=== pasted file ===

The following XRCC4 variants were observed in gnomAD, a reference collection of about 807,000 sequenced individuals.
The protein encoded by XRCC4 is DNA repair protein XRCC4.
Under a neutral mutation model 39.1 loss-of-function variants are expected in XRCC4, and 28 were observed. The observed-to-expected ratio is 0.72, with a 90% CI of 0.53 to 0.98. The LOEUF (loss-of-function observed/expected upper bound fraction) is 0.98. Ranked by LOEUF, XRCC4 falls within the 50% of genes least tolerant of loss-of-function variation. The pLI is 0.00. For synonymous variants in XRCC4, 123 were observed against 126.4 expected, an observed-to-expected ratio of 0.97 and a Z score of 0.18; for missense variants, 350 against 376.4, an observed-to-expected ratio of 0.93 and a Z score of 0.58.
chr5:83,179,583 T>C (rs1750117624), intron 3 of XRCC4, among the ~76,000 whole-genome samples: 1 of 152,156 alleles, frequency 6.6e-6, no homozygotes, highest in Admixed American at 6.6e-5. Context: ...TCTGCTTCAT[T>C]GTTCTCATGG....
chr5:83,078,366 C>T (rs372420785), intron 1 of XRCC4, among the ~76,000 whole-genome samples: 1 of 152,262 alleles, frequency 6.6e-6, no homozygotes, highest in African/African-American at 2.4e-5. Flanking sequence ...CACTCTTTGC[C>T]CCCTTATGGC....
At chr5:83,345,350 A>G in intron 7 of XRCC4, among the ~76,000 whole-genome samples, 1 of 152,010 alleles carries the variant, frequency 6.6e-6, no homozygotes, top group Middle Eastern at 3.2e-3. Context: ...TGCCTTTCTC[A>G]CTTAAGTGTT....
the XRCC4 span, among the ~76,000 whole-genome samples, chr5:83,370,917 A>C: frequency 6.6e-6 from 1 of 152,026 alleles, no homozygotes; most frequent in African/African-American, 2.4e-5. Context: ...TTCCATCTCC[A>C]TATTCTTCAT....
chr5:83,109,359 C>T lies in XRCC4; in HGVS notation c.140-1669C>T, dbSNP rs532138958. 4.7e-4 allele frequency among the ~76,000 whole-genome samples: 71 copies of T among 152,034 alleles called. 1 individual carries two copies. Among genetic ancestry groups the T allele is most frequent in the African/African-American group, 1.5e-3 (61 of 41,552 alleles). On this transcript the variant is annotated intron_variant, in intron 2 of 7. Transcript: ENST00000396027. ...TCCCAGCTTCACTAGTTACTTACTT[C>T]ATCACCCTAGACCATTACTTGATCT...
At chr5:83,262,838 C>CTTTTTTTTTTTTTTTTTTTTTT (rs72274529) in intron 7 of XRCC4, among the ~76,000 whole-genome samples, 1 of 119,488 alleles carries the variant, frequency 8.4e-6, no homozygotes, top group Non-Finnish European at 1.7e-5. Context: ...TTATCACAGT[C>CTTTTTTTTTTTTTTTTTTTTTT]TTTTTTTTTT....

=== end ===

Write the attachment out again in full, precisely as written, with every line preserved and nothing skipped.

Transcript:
The following XRCC4 variants were observed in gnomAD, a reference collection of about 807,000 sequenced individuals.
The protein encoded by XRCC4 is DNA repair protein XRCC4.
Under a neutral mutation model 39.1 loss-of-function variants are expected in XRCC4, and 28 were observed. The observed-to-expected ratio is 0.72, with a 90% CI of 0.53 to 0.98. The LOEUF (loss-of-function observed/expected upper bound fraction) is 0.98. Ranked by LOEUF, XRCC4 falls within the 50% of genes least tolerant of loss-of-function variation. The pLI is 0.00. For synonymous variants in XRCC4, 123 were observed against 126.4 expected, an observed-to-expected ratio of 0.97 and a Z score of 0.18; for missense variants, 350 against 376.4, an observed-to-expected ratio of 0.93 and a Z score of 0.58.
chr5:83,179,583 T>C (rs1750117624), intron 3 of XRCC4, among the ~76,000 whole-genome samples: 1 of 152,156 alleles, frequency 6.6e-6, no homozygotes, highest in Admixed American at 6.6e-5. Context: ...TCTGCTTCAT[T>C]GTTCTCATGG....
chr5:83,078,366 C>T (rs372420785), intron 1 of XRCC4, among the ~76,000 whole-genome samples: 1 of 152,262 alleles, frequency 6.6e-6, no homozygotes, highest in African/African-American at 2.4e-5. Flanking sequence ...CACTCTTTGC[C>T]CCCTTATGGC....
At chr5:83,345,350 A>G in intron 7 of XRCC4, among the ~76,000 whole-genome samples, 1 of 152,010 alleles carries the variant, frequency 6.6e-6, no homozygotes, top group Middle Eastern at 3.2e-3. Context: ...TGCCTTTCTC[A>G]CTTAAGTGTT....
the XRCC4 span, among the ~76,000 whole-genome samples, chr5:83,370,917 A>C: frequency 6.6e-6 from 1 of 152,026 alleles, no homozygotes; most frequent in African/African-American, 2.4e-5. Context: ...TTCCATCTCC[A>C]TATTCTTCAT....
chr5:83,109,359 C>T lies in XRCC4; in HGVS notation c.140-1669C>T, dbSNP rs532138958. 4.7e-4 allele frequency among the ~76,000 whole-genome samples: 71 copies of T among 152,034 alleles called. 1 individual carries two copies. Among genetic ancestry groups the T allele is most frequent in the African/African-American group, 1.5e-3 (61 of 41,552 alleles). On this transcript the variant is annotated intron_variant, in intron 2 of 7. Transcript: ENST00000396027. ...TCCCAGCTTCACTAGTTACTTACTT[C>T]ATCACCCTAGACCATTACTTGATCT...
At chr5:83,262,838 C>CTTTTTTTTTTTTTTTTTTTTTT (rs72274529) in intron 7 of XRCC4, among the ~76,000 whole-genome samples, 1 of 119,488 alleles carries the variant, frequency 8.4e-6, no homozygotes, top group Non-Finnish European at 1.7e-5. Context: ...TTATCACAGT[C>CTTTTTTTTTTTTTTTTTTTTTT]TTTTTTTTTT....